Does your 5 Year-Old Have a Smartphone?
Recently at a parent training event, a friend of mine overheard two moms talking, comparing which smartphones they gave their kids, and which apps were the most popular with their kids.
How old were the young I-Droid-Berry users that were the topic of conversation?
I could end this blog right now, but I’m not going to, because there’s some intriguing and somewhat shocking statistics out from the Common Sense Media Group that reflect the pervasive nature of technology. You can read a summary here, or the full report here.
Here’s some of what was especially striking to me:
Half of kids under 8 (and 40% of 2- to 4-year-olds) have access to a smartphone, iPad or some other mobile media device. Ten percent use these devices daily for an average of 43 minutes. As you might guess, there are some income disparities here. With all the new technologies, however, TV is still king. Seventy-four percent of the media consumption of kids under 8 still consists of the big screen, not the little one.
That leads us to some more depressing stats: Kids under 2 spend more than twice as much time watching video as they do being read to. Nearly four in 10 kids grows up in a house where the TV is on most or all of the time, even if no one is watching it. By the time they hit 8 years old, kids are as likely to have a TV in their bedroom as not.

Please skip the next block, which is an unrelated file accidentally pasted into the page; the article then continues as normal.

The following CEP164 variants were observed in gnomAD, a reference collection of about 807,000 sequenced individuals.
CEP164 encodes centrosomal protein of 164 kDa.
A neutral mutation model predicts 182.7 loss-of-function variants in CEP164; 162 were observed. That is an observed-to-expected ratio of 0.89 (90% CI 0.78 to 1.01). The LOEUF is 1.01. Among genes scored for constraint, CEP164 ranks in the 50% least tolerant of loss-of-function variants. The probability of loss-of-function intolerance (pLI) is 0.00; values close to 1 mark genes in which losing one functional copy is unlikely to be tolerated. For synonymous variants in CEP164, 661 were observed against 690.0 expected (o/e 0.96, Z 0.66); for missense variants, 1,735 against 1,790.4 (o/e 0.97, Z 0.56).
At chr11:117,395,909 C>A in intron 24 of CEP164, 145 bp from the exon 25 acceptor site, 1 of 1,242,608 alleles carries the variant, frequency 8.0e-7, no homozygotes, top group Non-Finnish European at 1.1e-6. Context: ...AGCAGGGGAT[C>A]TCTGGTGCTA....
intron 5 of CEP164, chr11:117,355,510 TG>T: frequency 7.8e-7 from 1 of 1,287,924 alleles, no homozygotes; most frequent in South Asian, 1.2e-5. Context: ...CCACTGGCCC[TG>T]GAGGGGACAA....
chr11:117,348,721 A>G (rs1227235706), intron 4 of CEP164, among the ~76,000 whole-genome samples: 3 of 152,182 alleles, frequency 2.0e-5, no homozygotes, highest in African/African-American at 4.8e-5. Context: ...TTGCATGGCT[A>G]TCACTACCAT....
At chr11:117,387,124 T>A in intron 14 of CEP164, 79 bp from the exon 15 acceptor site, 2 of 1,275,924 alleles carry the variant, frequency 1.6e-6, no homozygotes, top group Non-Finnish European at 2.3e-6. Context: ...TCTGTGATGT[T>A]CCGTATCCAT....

The report goes on to analyze technology usage as affected by socio-economic status. While children from higher income levels have more time with computers, tablets, and smart phones, they spend less time overall exposed to media than those from lower income levels.
I think of this as a technology double whammy from a justice perspective. The first blow to justice is that children with lower incomes spend less time exposed to the technology that could perhaps aid them in getting higher grades in school, or better understanding the flattening of the world. The second blow is that they spend more time in front of the TV, and are more likely to have a TV in their room. So the technology that children from lower incomes are exposed to is less helpful and more likely to draw them away from the rest of the family.
Last week, Brad Griffin blogged about some helpful resources from our friends at the Center for Parent and Youth Understanding, especially this “Family Digital Code of Conduct” that we recommend as a potentially helpful tool for you and others you know.
If it’s happening with 5 year-olds, it’s never too early to start thinking about and talking about these issues in our families.
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